Rated 5 out of 5 by from Debut Novel Grabs Readers with Opening Image... Review from Winnipeg Free Press WITH its opening image of a man dragging himself on his stomach over a snowdrift, Anchorage author Don Reardon grabs us with his debut novel and pulls us onto Alaska's frozen tundra. Behind the man, a blind woman on a sled asks, "They're all gone here too?" Something has happened. A village has burned, and it is apparently not the first one. There is one other set of sled tracks, which makes them uncomfortable. The Raven's Gift By Don Reardon Penguin Canada, 224 pages, $25 So begins this literary novel about post-apocalyptic survival. However, where many novels in this genre focus on the rebuilding of a society, such as the 1949 classic Earth Abides by George R. Stewart, The Raven's Gift doesn't get that far. While it also focuses on characters finding fellow survivors, food and shelter following a pandemic, it stays with the journey. The structure involves three alternating timelines. The story opens with John and the blind woman seeking fellow survivors after mass deaths from a super flu. From current time we are sent back to the beginning of John's adventure, in which he and his wife are hired to teach in a small Yup'ic hamlet. The third fills in the middle time, where John emerges from his home and begins his journey for survival. Each timeline holds a mystery. The story is eked out through each cycle until the three come together, much like the passel of grass the girl braids each evening. Reardon, who teaches English at the University of Alaska in Anchorage, writes of the Arctic as someone who is deeply familiar with it. He incorporates traditional Yup'ic tales in his writing, and sometimes breathtaking imagery, even when describing destruction. "The vision of a burned and frozen town reminded him of a Robert Frost poem, something about the world ending in either fire or ice. Bethel appeared to have died twice." Reardon includes insider northern knowledge, such as when a nurse on John's flight says she can tell by their shoes that he and his wife are new teachers. There is commentary about Chinese food restaurants, cab drivers from all over the world, and derision about inauthentic television shows such as Northern Exposure. Underneath this story's intrigue, suspense and insider knowledge, there is something darker, more disturbing. Anger boils up slowly, as Reardon portrays how pollution affects northern culture and the subsistence way of life, as well as the systemic poverty of which "outsiders" have little knowledge. Information like this can easily come across preachy. Indeed, Reardon straddles the line as closely as former Manitoban Kevin Patterson did in his 2006 northern novel, Consumption. Balancing Reardon's anger, however, is something else that draws the reader back inside. Beyond poverty, substance abuse and suicide we find characters with buoyancy and hope. For readers who dream of northern adventure, as John and his wife did, the author offers this advice through a departing teacher: "Don't just teach and go home at night and hole up in front of the television like most people do. Get out and learn about life here, this place will teach you more than you'll ever teach your students." One wonders if this is knowledge gleaned through experience. Truly, it is the authenticity of this novel that appeals most. Winnipeg author Anita Daher is a former northerner. Republished from the Winnipeg Free Press print edition January 29, 2011 H9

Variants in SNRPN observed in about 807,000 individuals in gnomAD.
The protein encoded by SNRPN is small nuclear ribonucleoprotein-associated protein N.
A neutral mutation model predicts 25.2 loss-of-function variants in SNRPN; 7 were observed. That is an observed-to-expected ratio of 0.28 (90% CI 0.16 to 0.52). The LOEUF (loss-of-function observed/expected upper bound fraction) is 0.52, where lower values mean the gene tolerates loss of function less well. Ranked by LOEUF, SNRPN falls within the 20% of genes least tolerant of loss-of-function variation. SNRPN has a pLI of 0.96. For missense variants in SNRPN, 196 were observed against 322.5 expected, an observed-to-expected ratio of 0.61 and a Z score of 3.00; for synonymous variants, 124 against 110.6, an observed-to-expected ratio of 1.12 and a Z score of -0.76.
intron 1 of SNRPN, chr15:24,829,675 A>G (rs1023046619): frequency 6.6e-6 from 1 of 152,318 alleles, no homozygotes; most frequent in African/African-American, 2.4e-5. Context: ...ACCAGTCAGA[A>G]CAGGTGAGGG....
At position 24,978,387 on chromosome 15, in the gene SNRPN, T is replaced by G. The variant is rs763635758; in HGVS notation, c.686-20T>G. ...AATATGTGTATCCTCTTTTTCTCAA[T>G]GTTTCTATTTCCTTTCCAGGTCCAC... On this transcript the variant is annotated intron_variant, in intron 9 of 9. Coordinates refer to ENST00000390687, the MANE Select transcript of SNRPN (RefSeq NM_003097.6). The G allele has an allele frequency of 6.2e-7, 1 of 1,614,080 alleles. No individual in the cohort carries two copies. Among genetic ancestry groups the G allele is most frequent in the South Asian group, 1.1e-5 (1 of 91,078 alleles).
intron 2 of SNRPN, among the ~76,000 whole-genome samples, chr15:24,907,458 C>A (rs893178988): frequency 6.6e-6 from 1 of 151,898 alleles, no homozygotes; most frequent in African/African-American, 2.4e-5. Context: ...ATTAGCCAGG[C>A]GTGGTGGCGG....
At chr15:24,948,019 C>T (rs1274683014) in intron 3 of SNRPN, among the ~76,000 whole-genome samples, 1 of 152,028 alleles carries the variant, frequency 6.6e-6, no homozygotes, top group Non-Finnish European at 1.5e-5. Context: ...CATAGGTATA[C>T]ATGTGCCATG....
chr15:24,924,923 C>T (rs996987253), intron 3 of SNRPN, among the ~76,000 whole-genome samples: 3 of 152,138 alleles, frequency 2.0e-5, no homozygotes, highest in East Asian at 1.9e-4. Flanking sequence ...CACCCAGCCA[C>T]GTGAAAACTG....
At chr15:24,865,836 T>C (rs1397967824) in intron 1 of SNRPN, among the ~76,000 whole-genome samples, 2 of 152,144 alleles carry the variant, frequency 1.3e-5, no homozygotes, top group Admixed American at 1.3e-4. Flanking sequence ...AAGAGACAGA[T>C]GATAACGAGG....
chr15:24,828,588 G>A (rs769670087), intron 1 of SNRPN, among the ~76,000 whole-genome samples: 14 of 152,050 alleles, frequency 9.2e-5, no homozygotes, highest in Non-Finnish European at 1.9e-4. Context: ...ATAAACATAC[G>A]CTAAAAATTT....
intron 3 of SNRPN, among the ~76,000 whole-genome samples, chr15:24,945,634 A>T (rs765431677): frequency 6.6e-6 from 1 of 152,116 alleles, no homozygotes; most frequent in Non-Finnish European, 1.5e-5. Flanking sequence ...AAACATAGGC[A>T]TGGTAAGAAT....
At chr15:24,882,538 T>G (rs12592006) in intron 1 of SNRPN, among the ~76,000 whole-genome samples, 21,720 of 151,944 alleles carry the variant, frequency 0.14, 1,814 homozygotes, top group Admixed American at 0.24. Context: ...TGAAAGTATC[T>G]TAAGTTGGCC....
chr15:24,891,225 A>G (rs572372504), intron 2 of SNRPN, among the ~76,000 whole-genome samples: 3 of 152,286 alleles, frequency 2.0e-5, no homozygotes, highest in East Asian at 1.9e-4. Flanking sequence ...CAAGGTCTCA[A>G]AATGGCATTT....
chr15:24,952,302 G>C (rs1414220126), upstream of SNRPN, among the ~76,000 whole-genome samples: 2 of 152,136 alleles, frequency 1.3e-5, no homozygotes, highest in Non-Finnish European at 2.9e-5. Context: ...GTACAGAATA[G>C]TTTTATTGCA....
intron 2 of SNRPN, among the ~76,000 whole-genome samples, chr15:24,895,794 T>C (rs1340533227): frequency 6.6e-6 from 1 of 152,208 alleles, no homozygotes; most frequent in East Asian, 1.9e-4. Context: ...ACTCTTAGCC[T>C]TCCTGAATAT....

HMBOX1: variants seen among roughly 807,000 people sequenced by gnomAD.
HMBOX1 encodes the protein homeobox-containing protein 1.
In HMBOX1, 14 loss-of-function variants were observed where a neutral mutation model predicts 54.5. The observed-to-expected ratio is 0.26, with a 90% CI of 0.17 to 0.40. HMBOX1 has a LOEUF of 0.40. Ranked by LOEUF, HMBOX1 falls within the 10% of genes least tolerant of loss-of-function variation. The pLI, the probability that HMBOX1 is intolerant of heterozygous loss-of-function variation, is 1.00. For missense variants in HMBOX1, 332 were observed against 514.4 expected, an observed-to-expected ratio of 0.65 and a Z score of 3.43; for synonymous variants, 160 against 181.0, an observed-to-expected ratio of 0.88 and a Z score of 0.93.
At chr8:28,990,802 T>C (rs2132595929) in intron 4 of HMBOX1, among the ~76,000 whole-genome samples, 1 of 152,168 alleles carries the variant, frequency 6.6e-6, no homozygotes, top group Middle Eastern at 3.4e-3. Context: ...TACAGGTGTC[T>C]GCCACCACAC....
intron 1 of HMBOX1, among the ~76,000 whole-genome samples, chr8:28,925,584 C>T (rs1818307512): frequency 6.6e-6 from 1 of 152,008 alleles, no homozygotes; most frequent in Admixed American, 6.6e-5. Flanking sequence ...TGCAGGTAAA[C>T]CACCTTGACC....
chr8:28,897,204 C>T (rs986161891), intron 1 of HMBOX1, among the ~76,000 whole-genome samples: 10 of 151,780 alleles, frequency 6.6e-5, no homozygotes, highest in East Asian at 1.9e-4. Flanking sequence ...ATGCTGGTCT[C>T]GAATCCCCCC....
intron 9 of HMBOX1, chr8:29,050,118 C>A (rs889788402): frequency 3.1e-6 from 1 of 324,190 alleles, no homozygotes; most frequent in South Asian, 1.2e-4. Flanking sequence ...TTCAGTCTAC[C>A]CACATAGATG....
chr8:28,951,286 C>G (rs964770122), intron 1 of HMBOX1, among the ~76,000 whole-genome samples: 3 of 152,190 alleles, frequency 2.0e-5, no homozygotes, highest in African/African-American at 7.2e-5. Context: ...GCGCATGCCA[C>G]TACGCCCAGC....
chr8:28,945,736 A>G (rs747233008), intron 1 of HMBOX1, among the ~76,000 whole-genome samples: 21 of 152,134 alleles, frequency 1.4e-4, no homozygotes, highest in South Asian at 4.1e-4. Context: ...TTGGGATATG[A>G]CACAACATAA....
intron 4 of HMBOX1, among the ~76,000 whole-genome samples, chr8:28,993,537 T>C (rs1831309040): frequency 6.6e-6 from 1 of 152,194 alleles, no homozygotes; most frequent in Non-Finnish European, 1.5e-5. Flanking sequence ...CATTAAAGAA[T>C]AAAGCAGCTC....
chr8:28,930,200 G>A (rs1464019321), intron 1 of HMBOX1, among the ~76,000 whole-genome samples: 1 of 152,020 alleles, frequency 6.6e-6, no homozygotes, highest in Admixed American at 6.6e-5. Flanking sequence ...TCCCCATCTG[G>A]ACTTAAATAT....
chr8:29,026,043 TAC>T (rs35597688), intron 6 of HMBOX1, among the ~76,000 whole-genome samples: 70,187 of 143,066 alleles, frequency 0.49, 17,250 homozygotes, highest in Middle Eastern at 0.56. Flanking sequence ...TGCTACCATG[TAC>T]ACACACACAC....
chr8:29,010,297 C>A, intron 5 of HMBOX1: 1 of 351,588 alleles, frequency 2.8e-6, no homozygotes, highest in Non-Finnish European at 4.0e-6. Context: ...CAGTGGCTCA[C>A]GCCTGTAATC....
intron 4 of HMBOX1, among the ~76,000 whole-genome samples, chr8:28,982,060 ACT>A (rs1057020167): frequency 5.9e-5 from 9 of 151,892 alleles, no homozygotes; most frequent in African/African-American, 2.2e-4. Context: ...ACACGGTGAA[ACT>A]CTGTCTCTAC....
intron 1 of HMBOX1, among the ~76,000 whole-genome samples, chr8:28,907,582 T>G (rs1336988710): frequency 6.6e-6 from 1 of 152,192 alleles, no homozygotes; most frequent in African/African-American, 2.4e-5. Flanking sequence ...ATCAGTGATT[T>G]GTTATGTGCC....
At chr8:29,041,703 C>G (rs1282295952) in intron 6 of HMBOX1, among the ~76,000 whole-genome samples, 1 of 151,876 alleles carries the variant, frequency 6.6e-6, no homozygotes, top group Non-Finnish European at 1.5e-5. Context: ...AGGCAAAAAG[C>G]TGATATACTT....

Date published: 2011-02-27

Extra Content

Editorial Reviews

“An epic adventure, a work of mythical dimensions, never to be forgotten.” - Daniel Quinn

“The Raven’s Gift has a winning plot, characters we’ve never met before, and intriguing details of a world most of us will never venture to—creating a read that opens our eyes and finds the fault lines of a heart in one breathless sitting.” - Jodi Picoult